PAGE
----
On September 27 and 28, 2018, the GCCIR hosted a two day symposium at the University of Alberta and invited international speakers, academic researchers, policy makers, company representatives and students to discuss the applications of Artificial Intelligence to a variety of different sectors and fields.
The symposium was organized in cooperation with the University of Alberta’s Faculty of Science and Future Energy Systems Initiative, the Alberta Machine Intelligence Institute (Amii), the Consulate General of France in Canada, the Consulate General of the Czech Republic in Toronto, CzechInvest and the German-Center for Research and Innovation – New York, and included panel discussions on the relevance of artificial intelligence in the areas of Precision Health, Human and Machine Interaction, Policy, Precision Agriculture/AgriFoods, Transport, Future Energy Systems, and Humanities and Social Sciences.Each of the panels included a short presentation delivered by the moderator to introduce the applications of artificial intelligence to their field and spark discussion among the panelists. As the content of the presentations and the individual questions were left to the discretion of the moderator, each presentation and ensuing discussion was quite different in nature. While most presentations highlighted the benefits of artificial intelligence to a given field, a few also reminded the audience members to critically reflect on the rapid technology advancements in the field of artificial intelligence and the risks these can entail if not governed effectively.
Each day also included a keynote address. On Thursday, the audience was reminded by Dr. Jonathan Schaeffer that artificial intelligence research and development has been around for many years now, and that the University of Alberta has been a key institution in the field for decades. Formerly, the Dean of the Faculty of Science at the University of Alberta, Dr. Schaeffer gave a brief introduction into the history of artificial intelligence and shared his experiences with the projects and successes that he was involved in. Among them is a program called Chinook, a computational proof to solve the game of checkers that took Dr. Schaeffer and his team “18 years to complete and is one of the longest running computations in history” (Mullins).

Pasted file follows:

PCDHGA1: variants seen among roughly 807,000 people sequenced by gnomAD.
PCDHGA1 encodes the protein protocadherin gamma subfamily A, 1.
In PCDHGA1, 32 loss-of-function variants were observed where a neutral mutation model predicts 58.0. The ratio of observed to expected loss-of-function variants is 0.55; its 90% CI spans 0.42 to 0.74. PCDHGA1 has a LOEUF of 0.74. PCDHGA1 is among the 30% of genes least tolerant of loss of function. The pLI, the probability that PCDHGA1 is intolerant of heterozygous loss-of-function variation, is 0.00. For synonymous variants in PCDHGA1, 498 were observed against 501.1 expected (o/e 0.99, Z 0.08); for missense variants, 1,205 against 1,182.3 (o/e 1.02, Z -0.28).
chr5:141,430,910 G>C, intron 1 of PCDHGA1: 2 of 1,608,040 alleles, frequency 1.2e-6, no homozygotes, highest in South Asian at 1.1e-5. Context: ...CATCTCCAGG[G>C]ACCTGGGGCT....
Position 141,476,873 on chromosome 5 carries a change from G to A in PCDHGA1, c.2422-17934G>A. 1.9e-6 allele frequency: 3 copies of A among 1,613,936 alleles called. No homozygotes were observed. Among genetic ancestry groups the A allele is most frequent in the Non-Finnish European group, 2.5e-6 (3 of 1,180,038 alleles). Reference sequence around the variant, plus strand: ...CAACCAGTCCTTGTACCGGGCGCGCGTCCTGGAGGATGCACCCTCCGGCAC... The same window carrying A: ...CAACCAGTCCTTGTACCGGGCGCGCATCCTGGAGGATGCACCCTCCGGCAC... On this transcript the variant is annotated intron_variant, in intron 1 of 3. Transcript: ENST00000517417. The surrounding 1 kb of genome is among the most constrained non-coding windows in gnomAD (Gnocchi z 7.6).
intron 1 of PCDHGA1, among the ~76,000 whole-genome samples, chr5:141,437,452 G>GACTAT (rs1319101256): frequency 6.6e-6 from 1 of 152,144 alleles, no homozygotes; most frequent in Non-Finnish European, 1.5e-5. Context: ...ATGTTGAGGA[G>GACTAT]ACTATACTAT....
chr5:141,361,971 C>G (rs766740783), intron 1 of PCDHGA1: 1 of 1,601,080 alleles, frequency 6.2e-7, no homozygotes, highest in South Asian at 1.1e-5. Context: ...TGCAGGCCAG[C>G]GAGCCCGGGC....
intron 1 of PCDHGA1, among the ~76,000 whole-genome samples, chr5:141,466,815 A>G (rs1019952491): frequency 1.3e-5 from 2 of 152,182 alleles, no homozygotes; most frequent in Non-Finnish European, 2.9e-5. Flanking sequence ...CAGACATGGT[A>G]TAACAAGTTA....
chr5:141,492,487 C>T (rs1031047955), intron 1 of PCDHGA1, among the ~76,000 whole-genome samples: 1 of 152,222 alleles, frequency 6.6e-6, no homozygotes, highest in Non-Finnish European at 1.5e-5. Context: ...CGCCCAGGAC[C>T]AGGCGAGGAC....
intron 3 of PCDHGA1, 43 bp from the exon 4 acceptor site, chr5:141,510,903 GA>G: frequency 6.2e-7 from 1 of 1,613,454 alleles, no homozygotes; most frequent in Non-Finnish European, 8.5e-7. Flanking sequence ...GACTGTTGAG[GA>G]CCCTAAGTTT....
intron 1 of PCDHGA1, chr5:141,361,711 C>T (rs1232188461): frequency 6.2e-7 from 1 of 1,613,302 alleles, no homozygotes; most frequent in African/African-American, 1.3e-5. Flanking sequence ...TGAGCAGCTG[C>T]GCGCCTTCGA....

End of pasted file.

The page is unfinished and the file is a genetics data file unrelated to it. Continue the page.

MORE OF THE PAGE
Friday’s keynote address by Dr. Michal Pěchouček provided an excellent overview of the artificial intelligence landscape in the Czech Republic. Also focusing on the advancements that artificial intelligence developers from the Czech Republic are significantly contributing to in the games and entertainment industries, Dr. Pěchouček introduced the main research centres for artificial intelligence in the Czech Republic, their fundamental and applied research in artificial intelligence, as well as the AI Startup culture that was able to rise in the Czech Republic as a result of the ongoing research.
Further international speakers included Rodolphe Gelin from France, Dr. Jan Alexandersson and Henning Wilms from Germany, Sana Khareghani from the United Kingdom, as well as Dr. Jan Platoš, Dr. Ondřej Bojar, Dr. Pavel Juruš and Dr. Radim Burget from the Czech Republic, who through their presentations, moderation of three of the conference’s eight panels, and sharing of their experiences and knowledge in AI during the panel discussions added an invaluable international facet to the discussions.
It was no doubt a well-rounded conference and we, the GCCIR, could not have hoped for livelier discussions or a better audience and speakers.
Mullins, Justin. “Checkers ‘Solved’ after Years of Number Crunching.” New Scientist, New Scientist, 19 July 2007, www.newscientist.com/article/dn12296-checkers-solved-after-years-of-number-crunching/.